Monday, May 3, 2010

Flagstaff Tour Recap

Amazingly everything went without a hitch on Saturday. We had a nice little group of 7 or 8. Chip Phillips was there and a couple of representatives from Boulder OSMP. Right on cue the golden eagles flew overhead as we discovered an old carpet square someone left behind so environmental lessons were abundantly available. By noon we had made it down to Beer Barrel rock, so we made it only about half way but I will plan on part 2 in the next month or so. Scott Rennak and I discussed the work being done by the Flatirons Climbing Council as well as the OSMP CCG which could have a huge impact on access to climbing resources in the area. The short version is that climbers in the Boulder area are finally mobilizing towards responsible stewardship and community activism to make sure that climbing areas are both protected and accessible. Bouldering should be better represented in that effort.

Here are some photos from the tour, courtesy of Brian Spiering

Afterwards I did a little bouldering, getting very close on the low start to That Flakes It Direct, a likely V10. The climbing went well, but a couple of things I observed in the vicinity were upsetting. One is the practice of throwing pads downhill to save the trouble of carrying them. I suppose in a truly barren talus field that might be OK but by disturbing soil and vegetation, pad-throwing denudes and erodes the landscape. Pad-throwing is lazy and very harmful to the environment. Secondly, please don't bring your dogs bouldering. The Dark Side is relatively green with trees and low-level vegetation. Amusing your dog by throwing sticks down the hill to chase means that dogs will bound through all that growth, tearing it up and killing it. My recommendation now is that for virtually any popular bouldering area near Boulder, your dog should be left at home. If you must bring a dog, respect the environment and keep the dog leashed unless he/she is truly well trained. Finally, please don't bring glass bottles to Flagstaff. Glass is prohibited in OSMP anyway and more and more microbrews are coming out in cans which are much easier to pack out and less dangerous if inadvertently left in the field. I plan on a fuller post on the topic of environmentally sound bouldering very soon.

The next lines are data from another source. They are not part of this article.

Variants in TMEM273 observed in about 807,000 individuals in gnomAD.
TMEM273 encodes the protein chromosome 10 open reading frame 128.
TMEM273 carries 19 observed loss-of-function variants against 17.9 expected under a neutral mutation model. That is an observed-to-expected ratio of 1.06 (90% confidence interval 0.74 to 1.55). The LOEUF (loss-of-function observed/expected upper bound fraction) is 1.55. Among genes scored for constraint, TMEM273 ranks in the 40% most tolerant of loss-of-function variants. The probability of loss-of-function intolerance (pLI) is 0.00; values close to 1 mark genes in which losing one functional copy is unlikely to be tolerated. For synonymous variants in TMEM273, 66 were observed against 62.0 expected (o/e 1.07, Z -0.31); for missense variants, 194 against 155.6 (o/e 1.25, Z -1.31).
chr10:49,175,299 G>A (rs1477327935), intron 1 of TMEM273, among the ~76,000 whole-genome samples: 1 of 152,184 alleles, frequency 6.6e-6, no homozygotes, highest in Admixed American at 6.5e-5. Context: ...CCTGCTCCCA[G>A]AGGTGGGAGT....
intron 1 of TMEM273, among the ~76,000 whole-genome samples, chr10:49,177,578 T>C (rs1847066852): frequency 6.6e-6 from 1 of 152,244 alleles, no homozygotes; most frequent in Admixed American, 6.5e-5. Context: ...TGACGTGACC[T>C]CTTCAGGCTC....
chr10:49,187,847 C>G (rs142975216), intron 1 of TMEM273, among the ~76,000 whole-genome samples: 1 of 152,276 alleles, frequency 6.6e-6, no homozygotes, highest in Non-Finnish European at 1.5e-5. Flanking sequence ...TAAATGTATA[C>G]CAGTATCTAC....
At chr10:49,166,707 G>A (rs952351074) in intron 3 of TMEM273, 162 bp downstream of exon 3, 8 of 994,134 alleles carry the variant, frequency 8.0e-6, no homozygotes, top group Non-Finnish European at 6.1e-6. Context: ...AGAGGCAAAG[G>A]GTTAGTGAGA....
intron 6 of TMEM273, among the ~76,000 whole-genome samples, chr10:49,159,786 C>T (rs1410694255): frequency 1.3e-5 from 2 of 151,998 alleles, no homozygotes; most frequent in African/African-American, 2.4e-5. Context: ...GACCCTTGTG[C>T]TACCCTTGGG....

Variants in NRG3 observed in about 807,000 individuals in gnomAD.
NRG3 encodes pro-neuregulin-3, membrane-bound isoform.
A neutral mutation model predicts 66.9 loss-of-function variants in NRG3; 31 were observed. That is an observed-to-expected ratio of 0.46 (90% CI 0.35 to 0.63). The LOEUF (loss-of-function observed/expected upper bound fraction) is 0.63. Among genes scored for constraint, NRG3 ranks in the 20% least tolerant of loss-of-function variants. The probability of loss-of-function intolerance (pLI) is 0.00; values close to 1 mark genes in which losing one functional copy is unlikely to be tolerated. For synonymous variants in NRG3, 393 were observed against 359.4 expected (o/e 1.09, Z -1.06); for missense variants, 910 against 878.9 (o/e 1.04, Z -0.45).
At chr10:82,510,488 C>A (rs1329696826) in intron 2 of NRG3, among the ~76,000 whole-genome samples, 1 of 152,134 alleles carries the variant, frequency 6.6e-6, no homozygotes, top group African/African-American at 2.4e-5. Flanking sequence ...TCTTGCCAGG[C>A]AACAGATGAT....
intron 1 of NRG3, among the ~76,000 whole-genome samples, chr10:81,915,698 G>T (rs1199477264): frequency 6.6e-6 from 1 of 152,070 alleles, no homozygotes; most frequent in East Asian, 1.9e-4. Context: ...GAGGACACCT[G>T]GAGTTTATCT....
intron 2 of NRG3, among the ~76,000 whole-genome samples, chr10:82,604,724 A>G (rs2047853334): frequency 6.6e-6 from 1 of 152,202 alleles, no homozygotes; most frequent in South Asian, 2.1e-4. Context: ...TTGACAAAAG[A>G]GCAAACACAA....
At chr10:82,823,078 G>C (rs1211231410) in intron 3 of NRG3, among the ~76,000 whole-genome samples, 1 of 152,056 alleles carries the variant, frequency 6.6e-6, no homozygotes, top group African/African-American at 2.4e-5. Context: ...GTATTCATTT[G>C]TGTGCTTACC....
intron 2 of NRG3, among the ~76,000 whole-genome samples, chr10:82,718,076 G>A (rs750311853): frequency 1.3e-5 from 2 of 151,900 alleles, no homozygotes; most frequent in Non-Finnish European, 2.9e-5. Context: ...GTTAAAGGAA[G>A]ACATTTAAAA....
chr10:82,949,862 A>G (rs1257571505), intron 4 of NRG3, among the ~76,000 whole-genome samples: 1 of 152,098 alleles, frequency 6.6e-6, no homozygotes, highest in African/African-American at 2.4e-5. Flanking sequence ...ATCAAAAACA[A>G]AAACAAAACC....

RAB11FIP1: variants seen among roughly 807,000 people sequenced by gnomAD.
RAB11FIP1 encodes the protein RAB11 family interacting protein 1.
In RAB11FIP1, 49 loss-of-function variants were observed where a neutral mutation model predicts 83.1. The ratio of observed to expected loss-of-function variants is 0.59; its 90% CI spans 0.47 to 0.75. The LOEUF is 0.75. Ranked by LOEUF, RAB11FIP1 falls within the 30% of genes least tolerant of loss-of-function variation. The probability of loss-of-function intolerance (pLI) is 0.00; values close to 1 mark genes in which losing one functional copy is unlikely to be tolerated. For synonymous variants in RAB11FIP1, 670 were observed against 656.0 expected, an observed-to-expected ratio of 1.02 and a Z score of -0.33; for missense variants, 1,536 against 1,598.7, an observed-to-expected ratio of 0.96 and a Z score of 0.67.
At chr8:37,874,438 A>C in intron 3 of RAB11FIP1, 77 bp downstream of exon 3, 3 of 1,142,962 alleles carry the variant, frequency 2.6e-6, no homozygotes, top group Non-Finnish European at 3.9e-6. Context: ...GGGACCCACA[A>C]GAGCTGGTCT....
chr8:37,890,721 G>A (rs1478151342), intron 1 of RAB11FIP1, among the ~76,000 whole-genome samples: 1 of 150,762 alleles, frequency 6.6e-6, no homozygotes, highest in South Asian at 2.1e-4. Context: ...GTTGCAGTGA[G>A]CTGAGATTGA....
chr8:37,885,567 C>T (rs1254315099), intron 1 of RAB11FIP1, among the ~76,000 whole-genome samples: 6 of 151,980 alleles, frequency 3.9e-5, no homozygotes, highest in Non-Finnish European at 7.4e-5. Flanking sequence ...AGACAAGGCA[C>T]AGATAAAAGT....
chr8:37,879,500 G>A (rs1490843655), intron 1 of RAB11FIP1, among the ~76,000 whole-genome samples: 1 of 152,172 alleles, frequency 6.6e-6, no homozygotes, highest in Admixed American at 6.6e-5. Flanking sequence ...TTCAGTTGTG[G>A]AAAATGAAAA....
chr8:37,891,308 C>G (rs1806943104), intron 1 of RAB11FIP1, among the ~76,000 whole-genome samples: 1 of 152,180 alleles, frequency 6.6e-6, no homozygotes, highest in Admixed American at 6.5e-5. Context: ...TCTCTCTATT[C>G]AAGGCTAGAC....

1 comment:

Anonymous said...

Good call on the pad tossing and dogs. I don't know about Flag, as it is so well trammeled, but I think what you said is particularly important for other areas that have sensitive access issues. It continually disheartens me to see pros, semi-pros, and reps from the Front Range with their dogs in areas that are specifically off limits to dogs. If these are the people who are pushing and repping the industry, I would hope they could at least portray us in a favorable light. If not to other climbers, at least to the OSMP and other agencies.